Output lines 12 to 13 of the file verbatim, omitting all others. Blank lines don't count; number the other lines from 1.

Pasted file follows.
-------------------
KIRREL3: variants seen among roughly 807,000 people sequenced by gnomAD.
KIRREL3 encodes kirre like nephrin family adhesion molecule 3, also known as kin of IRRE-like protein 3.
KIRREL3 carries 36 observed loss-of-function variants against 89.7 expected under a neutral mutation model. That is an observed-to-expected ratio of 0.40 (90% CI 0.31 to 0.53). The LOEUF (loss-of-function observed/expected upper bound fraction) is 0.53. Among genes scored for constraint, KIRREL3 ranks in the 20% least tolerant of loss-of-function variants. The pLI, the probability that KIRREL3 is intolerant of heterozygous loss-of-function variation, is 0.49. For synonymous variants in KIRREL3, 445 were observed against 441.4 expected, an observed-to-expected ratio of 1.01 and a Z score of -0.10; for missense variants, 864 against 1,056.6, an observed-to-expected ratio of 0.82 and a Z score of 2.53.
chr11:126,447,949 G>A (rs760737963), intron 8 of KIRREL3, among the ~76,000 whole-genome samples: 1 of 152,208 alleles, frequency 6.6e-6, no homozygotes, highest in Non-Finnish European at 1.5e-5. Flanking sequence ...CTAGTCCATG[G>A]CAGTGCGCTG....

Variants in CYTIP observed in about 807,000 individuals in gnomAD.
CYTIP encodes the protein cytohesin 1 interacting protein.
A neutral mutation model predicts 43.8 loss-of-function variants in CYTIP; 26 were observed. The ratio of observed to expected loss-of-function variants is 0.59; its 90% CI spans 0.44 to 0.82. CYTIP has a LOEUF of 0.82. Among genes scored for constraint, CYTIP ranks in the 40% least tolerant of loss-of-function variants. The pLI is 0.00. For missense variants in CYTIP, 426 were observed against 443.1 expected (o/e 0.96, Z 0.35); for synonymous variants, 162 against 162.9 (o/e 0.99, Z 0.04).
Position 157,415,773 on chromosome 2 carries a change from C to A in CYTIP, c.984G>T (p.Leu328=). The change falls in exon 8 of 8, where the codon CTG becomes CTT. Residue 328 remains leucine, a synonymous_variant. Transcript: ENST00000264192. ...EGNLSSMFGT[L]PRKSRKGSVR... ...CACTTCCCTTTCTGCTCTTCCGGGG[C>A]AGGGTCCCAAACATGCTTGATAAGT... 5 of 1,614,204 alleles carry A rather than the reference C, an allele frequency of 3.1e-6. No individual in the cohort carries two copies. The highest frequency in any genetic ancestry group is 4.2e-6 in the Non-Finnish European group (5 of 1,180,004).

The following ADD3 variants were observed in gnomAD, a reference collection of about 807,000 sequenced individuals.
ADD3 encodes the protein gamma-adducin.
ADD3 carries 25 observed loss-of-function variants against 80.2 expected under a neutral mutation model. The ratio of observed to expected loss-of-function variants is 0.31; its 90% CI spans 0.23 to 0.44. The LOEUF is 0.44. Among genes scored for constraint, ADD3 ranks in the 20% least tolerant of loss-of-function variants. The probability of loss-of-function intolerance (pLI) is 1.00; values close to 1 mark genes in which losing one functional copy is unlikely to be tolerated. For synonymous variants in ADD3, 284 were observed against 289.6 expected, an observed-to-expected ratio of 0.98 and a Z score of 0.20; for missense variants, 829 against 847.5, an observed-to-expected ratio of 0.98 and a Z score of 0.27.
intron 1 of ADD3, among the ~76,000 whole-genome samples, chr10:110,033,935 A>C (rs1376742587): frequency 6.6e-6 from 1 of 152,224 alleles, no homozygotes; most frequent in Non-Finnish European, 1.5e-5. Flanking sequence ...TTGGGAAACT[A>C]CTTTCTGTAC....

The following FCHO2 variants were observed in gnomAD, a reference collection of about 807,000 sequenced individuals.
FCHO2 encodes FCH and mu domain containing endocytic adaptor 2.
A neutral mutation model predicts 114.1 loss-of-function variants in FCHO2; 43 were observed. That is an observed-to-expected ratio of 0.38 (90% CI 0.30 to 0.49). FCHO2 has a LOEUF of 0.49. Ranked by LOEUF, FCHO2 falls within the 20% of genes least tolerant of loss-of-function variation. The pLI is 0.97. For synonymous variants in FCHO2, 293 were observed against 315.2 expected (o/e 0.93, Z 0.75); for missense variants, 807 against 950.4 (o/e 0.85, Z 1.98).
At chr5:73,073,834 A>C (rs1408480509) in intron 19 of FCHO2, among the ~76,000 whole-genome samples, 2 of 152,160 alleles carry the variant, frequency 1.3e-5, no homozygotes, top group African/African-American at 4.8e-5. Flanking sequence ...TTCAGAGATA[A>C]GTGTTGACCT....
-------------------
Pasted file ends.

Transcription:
intron 1 of ADD3, among the ~76,000 whole-genome samples, chr10:110,033,935 A>C (rs1376742587): frequency 6.6e-6 from 1 of 152,224 alleles, no homozygotes; most frequent in Non-Finnish European, 1.5e-5. Flanking sequence ...TTGGGAAACT[A>C]CTTTCTGTAC....

The following FCHO2 variants were observed in gnomAD, a reference collection of about 807,000 sequenced individuals.